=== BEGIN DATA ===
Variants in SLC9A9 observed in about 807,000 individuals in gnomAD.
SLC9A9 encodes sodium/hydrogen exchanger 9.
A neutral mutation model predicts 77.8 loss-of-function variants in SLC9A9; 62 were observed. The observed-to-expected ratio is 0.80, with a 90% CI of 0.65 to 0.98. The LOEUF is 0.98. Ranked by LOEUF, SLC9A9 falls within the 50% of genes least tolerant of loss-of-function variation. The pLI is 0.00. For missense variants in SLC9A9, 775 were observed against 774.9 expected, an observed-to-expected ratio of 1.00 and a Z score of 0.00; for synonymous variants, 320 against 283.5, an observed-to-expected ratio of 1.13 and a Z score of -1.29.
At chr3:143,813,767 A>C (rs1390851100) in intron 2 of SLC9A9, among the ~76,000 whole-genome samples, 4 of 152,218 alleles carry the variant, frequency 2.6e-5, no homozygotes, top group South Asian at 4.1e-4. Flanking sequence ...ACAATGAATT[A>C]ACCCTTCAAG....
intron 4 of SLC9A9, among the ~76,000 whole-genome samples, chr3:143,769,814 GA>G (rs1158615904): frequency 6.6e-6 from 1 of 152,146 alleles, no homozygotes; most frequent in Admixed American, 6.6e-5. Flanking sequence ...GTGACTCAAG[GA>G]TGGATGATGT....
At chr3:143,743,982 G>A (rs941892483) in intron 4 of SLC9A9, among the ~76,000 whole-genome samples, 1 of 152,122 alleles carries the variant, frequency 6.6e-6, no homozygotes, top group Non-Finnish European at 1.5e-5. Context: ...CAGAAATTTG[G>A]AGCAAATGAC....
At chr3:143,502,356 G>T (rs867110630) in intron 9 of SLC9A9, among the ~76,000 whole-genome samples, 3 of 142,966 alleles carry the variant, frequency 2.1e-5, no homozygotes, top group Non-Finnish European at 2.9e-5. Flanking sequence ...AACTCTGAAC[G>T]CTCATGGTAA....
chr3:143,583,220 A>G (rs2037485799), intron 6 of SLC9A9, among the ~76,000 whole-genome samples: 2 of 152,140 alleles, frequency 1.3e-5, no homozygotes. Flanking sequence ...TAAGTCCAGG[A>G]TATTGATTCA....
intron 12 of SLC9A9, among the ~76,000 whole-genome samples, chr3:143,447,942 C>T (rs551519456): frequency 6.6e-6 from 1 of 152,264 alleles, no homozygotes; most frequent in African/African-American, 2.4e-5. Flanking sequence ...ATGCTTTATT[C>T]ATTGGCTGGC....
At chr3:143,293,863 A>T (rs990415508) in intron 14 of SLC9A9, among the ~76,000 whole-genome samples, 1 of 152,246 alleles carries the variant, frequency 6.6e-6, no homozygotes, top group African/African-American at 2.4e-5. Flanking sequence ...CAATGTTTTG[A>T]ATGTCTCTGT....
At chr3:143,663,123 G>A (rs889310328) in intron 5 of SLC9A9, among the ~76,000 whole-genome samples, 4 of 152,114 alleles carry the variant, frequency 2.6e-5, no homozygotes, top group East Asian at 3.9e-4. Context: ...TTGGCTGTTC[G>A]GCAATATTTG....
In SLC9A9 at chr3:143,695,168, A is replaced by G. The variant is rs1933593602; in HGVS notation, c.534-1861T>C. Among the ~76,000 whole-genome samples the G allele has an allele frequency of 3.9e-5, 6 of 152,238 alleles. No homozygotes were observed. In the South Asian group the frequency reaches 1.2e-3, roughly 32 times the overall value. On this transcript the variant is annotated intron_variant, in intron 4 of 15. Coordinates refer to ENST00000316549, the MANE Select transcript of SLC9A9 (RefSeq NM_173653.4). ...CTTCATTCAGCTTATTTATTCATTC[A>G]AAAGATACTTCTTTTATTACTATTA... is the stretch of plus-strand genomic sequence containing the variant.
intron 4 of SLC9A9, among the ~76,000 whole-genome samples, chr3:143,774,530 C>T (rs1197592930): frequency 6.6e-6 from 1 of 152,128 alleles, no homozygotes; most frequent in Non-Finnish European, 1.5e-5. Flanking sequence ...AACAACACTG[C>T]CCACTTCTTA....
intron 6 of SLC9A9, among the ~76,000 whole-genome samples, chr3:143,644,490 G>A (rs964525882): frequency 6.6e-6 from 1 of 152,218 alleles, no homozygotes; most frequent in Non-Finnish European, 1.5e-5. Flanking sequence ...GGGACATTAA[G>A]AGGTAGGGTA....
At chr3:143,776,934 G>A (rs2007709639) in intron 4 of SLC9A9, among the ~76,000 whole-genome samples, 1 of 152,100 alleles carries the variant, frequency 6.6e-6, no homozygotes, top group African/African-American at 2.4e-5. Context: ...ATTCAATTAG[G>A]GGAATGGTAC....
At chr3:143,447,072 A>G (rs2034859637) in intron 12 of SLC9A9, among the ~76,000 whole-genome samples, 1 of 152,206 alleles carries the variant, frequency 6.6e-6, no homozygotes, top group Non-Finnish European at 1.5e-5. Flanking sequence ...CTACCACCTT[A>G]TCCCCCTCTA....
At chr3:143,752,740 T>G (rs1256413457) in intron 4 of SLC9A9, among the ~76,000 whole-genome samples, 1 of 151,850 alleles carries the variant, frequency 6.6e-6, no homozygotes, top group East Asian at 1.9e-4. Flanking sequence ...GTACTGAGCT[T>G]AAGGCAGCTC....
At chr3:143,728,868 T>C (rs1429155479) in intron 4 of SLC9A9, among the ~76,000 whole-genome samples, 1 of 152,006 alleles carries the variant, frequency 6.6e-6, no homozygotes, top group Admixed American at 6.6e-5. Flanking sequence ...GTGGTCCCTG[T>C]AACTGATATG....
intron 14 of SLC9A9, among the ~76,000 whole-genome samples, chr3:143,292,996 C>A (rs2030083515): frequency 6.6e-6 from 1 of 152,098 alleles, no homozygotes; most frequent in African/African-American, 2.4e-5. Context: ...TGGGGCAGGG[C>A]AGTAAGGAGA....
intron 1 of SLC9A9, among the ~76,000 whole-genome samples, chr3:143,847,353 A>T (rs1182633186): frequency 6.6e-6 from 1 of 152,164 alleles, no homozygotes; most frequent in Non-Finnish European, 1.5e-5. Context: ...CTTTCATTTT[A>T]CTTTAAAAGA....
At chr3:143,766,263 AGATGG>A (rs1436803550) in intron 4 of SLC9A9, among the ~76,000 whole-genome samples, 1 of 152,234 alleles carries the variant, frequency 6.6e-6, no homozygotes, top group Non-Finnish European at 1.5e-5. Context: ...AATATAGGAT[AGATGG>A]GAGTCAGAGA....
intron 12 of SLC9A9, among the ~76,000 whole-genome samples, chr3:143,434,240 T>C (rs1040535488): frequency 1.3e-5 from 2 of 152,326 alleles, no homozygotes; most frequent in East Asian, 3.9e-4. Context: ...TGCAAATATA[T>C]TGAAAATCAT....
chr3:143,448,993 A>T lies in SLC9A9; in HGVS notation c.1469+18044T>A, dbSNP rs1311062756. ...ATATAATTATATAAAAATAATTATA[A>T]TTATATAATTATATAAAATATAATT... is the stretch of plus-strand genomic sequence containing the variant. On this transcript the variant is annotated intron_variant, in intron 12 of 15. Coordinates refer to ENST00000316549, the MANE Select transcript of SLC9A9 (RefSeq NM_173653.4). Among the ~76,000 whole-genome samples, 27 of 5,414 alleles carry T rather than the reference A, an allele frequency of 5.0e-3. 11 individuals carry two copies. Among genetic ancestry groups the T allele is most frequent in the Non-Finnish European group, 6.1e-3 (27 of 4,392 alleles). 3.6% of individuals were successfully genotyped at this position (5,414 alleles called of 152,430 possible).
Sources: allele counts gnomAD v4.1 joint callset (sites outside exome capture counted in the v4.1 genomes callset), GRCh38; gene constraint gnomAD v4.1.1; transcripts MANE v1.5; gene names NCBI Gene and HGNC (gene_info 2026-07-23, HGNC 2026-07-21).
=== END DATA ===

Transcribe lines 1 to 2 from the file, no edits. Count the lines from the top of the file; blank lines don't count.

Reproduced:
Variants in SLC9A9 observed in about 807,000 individuals in gnomAD.
SLC9A9 encodes sodium/hydrogen exchanger 9.